Rapid and effective oxidative pretreatment of woody biomass at mild reaction conditions and low oxidant loadings

Zhenglun Li, Charles H. Chen, Eric L. Hegg, David B. Hodge

Research output: Contribution to journalArticle

  • 18 Citations

Abstract

Background: One route for producing cellulosic biofuels is by the fermentation of lignocellulose-derived sugars generated from a pretreatment that can be effectively coupled with an enzymatic hydrolysis of the plant cell wall. While woody biomass exhibits a number of positive agronomic and logistical attributes, these feedstocks are significantly more recalcitrant to chemical pretreatments than herbaceous feedstocks, requiring higher chemical and energy inputs to achieve high sugar yields from enzymatic hydrolysis. We previously discovered that alkaline hydrogen peroxide (AHP) pretreatment catalyzed by copper(II) 2,2-bipyridine complexes significantly improves subsequent enzymatic glucose and xylose release from hybrid poplar heartwood and sapwood relative to uncatalyzed AHP pretreatment at modest reaction conditions (room temperature and atmospheric pressure). In the present work, the reaction conditions for this catalyzed AHP pretreatment were investigated in more detail with the aim of better characterizing the relationship between pretreatment conditions and subsequent enzymatic sugar release. Results: We found that for a wide range of pretreatment conditions, the catalyzed pretreatment resulted in significantly higher glucose and xylose enzymatic hydrolysis yields (as high as 80% for both glucose and xylose) relative to uncatalyzed pretreatment (up to 40% for glucose and 50% for xylose). We identified that the extent of improvement in glucan and xylan yield using this catalyzed pretreatment approach was a function of pretreatment conditions that included H2O2 loading on biomass, catalyst concentration, solids concentration, and pretreatment duration. Based on these results, several important improvements in pretreatment and hydrolysis conditions were identified that may have a positive economic impact for a process employing a catalyzed oxidative pretreatment. These improvements include identifying that: (1) substantially lower H 2O2 loadings can be used that may result in up to a 50-65% decrease in H2O2 application (from 100 mg H 2O2/g biomass to 35-50 mg/g) with only minor losses in glucose and xylose yield, (2) a 60% decrease in the catalyst concentration from 5.0 mM to 2.0 mM (corresponding to a catalyst loading of 25 μmol/g biomass to 10 μmol/g biomass) can be achieved without a subsequent loss in glucose yield, (3) an order of magnitude improvement in the time required for pretreatment (minutes versus hours or days) can be realized using the catalyzed pretreatment approach, and (4) enzyme dosage can be reduced to less than 30 mg protein/g glucan and potentially further with only minor losses in glucose and xylose yields. In addition, we established that the reaction rate is improved in both catalyzed and uncatalyzed AHP pretreatment by increased solids concentrations. Conclusions: This work explored the relationship between reaction conditions impacting a catalyzed oxidative pretreatment of woody biomass and identified that significant decreases in the H2O 2, catalyst, and enzyme loading on the biomass as well as decreases in the pretreatment time could be realized with only minor losses in the subsequent sugar released enzymatically. Together these changes would have positive implications for the economics of a process based on this pretreatment approach.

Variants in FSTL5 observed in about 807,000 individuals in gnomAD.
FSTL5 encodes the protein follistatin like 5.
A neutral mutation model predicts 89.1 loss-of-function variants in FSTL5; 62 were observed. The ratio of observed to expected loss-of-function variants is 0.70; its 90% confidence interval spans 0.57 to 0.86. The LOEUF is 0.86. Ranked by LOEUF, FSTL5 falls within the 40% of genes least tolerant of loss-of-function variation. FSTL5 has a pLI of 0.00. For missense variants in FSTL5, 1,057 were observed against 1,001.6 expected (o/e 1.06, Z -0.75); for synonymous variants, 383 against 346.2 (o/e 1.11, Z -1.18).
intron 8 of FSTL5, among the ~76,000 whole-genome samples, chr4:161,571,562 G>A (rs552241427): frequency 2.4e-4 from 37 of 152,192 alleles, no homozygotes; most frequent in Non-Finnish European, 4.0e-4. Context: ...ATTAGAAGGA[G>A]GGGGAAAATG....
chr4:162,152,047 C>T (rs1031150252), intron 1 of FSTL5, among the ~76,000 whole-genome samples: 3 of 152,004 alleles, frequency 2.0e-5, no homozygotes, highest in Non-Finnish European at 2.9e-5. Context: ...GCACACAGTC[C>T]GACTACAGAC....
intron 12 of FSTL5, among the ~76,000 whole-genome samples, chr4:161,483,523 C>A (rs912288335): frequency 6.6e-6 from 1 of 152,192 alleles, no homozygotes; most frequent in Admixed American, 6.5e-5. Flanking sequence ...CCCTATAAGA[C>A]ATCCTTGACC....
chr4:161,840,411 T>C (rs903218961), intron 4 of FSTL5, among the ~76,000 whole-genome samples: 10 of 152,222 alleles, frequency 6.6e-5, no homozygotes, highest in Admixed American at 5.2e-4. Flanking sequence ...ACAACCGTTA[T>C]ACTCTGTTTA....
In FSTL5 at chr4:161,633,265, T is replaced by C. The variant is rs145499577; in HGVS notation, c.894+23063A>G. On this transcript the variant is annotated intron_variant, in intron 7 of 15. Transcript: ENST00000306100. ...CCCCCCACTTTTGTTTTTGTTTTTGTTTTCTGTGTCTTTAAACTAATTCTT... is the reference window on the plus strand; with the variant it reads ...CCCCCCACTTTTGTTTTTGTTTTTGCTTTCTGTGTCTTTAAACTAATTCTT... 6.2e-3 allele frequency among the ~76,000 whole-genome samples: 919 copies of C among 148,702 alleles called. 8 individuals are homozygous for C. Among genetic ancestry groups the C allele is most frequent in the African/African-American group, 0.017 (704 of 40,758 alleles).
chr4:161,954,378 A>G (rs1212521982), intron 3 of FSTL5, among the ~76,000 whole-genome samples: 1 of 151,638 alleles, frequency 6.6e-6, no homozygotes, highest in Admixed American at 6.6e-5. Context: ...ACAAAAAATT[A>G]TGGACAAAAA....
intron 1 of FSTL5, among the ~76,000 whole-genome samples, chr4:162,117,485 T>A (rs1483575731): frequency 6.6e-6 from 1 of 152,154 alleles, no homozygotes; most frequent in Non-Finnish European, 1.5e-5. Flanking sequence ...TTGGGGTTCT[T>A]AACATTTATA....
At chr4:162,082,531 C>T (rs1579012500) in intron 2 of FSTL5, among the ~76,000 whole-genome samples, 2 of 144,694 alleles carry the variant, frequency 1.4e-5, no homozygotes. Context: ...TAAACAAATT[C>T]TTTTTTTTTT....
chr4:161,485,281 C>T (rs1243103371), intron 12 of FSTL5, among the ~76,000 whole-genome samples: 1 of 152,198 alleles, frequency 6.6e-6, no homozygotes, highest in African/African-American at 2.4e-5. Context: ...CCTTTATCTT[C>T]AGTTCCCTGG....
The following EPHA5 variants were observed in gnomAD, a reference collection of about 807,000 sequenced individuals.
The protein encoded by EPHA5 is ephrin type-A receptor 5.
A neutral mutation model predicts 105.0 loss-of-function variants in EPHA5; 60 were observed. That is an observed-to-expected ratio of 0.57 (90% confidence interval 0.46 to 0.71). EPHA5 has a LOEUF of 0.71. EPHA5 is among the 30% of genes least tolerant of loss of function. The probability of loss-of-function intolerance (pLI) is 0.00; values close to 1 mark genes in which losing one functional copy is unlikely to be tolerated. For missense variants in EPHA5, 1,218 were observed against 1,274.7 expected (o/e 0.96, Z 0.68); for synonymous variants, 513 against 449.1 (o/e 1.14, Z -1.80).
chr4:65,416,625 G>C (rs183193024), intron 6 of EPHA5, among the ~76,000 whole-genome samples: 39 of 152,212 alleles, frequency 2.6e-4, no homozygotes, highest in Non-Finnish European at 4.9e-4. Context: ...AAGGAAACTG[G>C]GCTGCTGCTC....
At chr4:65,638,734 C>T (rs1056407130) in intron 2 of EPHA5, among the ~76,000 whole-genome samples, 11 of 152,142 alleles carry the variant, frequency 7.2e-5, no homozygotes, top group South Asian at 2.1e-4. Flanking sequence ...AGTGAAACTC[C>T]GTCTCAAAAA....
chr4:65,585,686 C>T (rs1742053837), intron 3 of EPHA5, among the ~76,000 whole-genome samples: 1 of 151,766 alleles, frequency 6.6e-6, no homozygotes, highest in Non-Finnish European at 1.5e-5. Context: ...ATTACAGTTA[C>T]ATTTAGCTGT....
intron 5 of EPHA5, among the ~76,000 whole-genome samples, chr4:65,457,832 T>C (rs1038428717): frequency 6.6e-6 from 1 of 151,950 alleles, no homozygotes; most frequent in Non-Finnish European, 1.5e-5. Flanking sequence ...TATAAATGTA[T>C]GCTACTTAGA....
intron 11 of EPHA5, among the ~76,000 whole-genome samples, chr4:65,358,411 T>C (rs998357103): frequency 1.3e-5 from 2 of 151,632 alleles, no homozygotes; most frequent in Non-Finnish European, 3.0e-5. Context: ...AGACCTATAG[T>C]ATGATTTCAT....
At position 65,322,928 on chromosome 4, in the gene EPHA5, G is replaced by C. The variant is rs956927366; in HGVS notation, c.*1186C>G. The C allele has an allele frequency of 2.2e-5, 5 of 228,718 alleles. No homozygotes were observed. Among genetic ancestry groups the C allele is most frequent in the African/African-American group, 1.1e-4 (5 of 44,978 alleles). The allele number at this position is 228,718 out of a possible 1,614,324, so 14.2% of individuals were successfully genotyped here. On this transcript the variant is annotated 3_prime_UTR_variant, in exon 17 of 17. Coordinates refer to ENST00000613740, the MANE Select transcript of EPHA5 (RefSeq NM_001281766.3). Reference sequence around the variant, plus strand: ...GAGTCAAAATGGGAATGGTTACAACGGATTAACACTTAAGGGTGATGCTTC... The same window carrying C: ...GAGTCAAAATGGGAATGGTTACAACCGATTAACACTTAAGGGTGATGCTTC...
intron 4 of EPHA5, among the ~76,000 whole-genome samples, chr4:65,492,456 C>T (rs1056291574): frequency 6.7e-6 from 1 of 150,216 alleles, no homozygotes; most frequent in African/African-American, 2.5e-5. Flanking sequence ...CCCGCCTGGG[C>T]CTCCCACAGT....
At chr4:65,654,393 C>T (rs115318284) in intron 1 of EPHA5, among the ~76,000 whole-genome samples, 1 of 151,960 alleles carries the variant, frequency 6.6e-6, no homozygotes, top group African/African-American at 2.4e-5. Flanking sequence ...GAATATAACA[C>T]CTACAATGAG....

LanguageEnglish (US)
Article number119
JournalBiotechnology for Biofuels
Volume6
Issue number1
DOIs
StatePublished - 2013

Profile

Xylose
Oxidants
oxidant
Biomass
Glucose
glucose
Hydrogen peroxide
Sugars
biomass
hydrogen peroxide
Hydrogen Peroxide
Enzymatic hydrolysis
hydrolysis
sugar
Hydrolysis
catalyst
Catalysts
Glucans
Feedstocks
Enzymes

Keywords

  • Bioenergy
  • Biofuels
  • Chemical pretreatment
  • Copper
  • Cu(bpy)
  • Hybrid poplar
  • Hydrogen peroxide
  • Lignin
  • Oxidation

ASJC Scopus subject areas

  • Energy(all)
  • Management, Monitoring, Policy and Law
  • Biotechnology
  • Renewable Energy, Sustainability and the Environment
  • Applied Microbiology and Biotechnology

Cite this

Rapid and effective oxidative pretreatment of woody biomass at mild reaction conditions and low oxidant loadings. / Li, Zhenglun; Chen, Charles H.; Hegg, Eric L.; Hodge, David B.

In: Biotechnology for Biofuels, Vol. 6, No. 1, 119, 2013.

Research output: Contribution to journalArticle